E commerce insurance can be split into two aspects of website operations, first party risks and the third party risks.
First party risks are risks due to a company’s size, its e‐commerce infrastructure and its international scope.
Third party risks are risks from people and organisations outside the business. Third party risks are complex and ever changing because of increasing regulation and controls by statutory authorities at national, European and international levels. Any failure to comply with these laws and regulations can bring fines, claims and cessation of business.
An important and often overlooked cover you should consider is Cyber Liability Insurance.
Cyber liability insurance cover can include;
- Data breach/privacy crisis management cover. For example, expenses related to the management of an incident, the investigation, the remediation, data subject notification, call management, credit checking for data subjects, legal costs, court attendance and regulatory fines.
- Multimedia/Media liability cover. Third-party damages covered can include specific defacement of website and intellectual property rights infringement.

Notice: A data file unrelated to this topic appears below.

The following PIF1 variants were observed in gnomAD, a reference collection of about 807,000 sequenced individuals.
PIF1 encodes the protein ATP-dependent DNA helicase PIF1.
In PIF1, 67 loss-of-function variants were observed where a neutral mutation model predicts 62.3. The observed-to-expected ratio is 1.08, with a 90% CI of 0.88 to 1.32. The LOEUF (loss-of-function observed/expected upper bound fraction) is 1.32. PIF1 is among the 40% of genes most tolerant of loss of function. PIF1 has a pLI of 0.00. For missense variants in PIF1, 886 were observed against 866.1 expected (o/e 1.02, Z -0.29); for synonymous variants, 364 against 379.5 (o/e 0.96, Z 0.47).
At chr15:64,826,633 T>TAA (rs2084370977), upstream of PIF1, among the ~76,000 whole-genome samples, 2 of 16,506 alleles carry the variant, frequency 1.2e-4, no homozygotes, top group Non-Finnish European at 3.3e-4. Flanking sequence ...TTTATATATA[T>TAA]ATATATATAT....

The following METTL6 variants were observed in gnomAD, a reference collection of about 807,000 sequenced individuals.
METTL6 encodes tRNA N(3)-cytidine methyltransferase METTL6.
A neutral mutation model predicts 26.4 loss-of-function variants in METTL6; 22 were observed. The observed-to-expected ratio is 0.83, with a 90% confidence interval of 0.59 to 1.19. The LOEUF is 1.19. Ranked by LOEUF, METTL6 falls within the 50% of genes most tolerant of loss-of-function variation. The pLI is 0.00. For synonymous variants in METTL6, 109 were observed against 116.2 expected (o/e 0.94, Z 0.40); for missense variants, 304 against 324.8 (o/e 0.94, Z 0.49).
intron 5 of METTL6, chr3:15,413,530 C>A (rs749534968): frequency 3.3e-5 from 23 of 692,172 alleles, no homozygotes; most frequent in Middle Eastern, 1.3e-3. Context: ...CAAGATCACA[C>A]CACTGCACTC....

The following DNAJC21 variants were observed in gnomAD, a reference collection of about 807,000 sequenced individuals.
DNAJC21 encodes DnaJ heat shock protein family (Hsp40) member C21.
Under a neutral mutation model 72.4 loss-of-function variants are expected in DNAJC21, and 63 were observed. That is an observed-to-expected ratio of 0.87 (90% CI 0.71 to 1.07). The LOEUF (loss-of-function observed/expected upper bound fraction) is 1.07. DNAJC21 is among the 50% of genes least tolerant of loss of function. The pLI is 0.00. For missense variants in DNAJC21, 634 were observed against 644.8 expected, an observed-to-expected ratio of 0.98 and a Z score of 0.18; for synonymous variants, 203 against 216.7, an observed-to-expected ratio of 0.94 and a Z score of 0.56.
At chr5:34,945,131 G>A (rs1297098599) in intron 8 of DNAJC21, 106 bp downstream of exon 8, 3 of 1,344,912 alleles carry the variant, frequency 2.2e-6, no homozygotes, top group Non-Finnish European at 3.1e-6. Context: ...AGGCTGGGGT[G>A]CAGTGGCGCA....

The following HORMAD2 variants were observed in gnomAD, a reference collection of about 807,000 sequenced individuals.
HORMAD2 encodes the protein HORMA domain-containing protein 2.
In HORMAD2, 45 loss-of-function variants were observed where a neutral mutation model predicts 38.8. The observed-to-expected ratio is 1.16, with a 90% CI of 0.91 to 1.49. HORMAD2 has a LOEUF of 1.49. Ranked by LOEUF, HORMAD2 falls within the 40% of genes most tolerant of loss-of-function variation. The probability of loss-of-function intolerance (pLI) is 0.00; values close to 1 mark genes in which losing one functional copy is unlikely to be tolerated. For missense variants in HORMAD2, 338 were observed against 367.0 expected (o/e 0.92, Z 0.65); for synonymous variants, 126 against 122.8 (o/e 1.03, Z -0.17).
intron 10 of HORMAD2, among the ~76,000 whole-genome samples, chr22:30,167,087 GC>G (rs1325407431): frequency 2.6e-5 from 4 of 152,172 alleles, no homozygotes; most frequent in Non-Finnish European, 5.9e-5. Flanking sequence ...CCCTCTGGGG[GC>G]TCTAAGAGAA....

- Extortion liability cover. Typically, losses due to a threat of extortion, professional fees related to dealing with the extortion.
- Network security liability. Third-party damages as a result of denial of access, costs related to data on third-party suppliers and costs related to the theft of data.
As an online retailer, it’s likely that most of your interaction with customers is virtual, so your public liability risk is probably quite low. If your business has a warehouse this could mean you or staff members have contact with members of the public, and could be held responsible for injuries.
Product liability cover, is usually a key part of online retail insurance, and is often sold as part of a public liability insurance policy. If you sell items online, you could be held responsible for any damage or injury the products cause.
Another important consideration is stock cover. It is likely that you keep a fair amount of the products you sell in your home or another site before shipping them to customers.
You are legally required to have employers’ liability insurance if your business has any employees.
If the service you offer is not retail, but includes giving professional advice, you may also want to consider professional indemnity insurance as part of your policy.